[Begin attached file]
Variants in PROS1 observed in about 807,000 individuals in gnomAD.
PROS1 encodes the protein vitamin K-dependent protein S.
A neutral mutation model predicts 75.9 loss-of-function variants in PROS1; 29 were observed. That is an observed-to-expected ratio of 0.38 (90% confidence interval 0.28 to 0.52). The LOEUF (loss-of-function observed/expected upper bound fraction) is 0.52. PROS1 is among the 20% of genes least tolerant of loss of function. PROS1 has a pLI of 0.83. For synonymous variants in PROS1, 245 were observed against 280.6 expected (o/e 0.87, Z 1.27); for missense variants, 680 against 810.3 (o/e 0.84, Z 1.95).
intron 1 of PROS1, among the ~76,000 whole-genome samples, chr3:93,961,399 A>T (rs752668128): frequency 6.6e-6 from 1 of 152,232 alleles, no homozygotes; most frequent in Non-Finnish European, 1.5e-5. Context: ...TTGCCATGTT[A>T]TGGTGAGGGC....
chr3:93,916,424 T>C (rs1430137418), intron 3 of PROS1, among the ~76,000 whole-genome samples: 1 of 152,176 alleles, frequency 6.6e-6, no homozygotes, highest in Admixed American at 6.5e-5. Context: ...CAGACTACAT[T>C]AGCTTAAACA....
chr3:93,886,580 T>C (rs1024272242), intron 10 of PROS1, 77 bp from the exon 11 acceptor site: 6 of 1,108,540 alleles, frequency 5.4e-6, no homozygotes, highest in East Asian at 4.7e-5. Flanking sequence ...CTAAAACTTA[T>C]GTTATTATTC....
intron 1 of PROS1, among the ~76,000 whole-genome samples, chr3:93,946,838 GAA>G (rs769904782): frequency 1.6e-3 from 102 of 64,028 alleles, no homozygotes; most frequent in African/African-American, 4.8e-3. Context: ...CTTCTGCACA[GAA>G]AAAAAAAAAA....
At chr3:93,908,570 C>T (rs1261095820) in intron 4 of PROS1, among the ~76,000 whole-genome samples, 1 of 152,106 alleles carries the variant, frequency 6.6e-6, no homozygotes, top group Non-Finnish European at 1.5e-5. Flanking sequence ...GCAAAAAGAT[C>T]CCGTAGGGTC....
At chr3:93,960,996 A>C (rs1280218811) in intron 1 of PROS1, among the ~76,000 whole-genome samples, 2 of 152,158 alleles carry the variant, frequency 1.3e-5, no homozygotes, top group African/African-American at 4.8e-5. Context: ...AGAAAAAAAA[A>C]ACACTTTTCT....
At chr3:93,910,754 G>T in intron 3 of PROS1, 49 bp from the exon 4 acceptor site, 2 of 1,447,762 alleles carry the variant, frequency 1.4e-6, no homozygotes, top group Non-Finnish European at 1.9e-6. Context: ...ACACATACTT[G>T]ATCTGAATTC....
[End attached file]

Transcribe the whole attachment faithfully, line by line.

Variants in PROS1 observed in about 807,000 individuals in gnomAD.
PROS1 encodes the protein vitamin K-dependent protein S.
A neutral mutation model predicts 75.9 loss-of-function variants in PROS1; 29 were observed. That is an observed-to-expected ratio of 0.38 (90% confidence interval 0.28 to 0.52). The LOEUF (loss-of-function observed/expected upper bound fraction) is 0.52. PROS1 is among the 20% of genes least tolerant of loss of function. PROS1 has a pLI of 0.83. For synonymous variants in PROS1, 245 were observed against 280.6 expected (o/e 0.87, Z 1.27); for missense variants, 680 against 810.3 (o/e 0.84, Z 1.95).
intron 1 of PROS1, among the ~76,000 whole-genome samples, chr3:93,961,399 A>T (rs752668128): frequency 6.6e-6 from 1 of 152,232 alleles, no homozygotes; most frequent in Non-Finnish European, 1.5e-5. Context: ...TTGCCATGTT[A>T]TGGTGAGGGC....
chr3:93,916,424 T>C (rs1430137418), intron 3 of PROS1, among the ~76,000 whole-genome samples: 1 of 152,176 alleles, frequency 6.6e-6, no homozygotes, highest in Admixed American at 6.5e-5. Context: ...CAGACTACAT[T>C]AGCTTAAACA....
chr3:93,886,580 T>C (rs1024272242), intron 10 of PROS1, 77 bp from the exon 11 acceptor site: 6 of 1,108,540 alleles, frequency 5.4e-6, no homozygotes, highest in East Asian at 4.7e-5. Flanking sequence ...CTAAAACTTA[T>C]GTTATTATTC....
intron 1 of PROS1, among the ~76,000 whole-genome samples, chr3:93,946,838 GAA>G (rs769904782): frequency 1.6e-3 from 102 of 64,028 alleles, no homozygotes; most frequent in African/African-American, 4.8e-3. Context: ...CTTCTGCACA[GAA>G]AAAAAAAAAA....
At chr3:93,908,570 C>T (rs1261095820) in intron 4 of PROS1, among the ~76,000 whole-genome samples, 1 of 152,106 alleles carries the variant, frequency 6.6e-6, no homozygotes, top group Non-Finnish European at 1.5e-5. Flanking sequence ...GCAAAAAGAT[C>T]CCGTAGGGTC....
At chr3:93,960,996 A>C (rs1280218811) in intron 1 of PROS1, among the ~76,000 whole-genome samples, 2 of 152,158 alleles carry the variant, frequency 1.3e-5, no homozygotes, top group African/African-American at 4.8e-5. Context: ...AGAAAAAAAA[A>C]ACACTTTTCT....
At chr3:93,910,754 G>T in intron 3 of PROS1, 49 bp from the exon 4 acceptor site, 2 of 1,447,762 alleles carry the variant, frequency 1.4e-6, no homozygotes, top group Non-Finnish European at 1.9e-6. Context: ...ACACATACTT[G>T]ATCTGAATTC....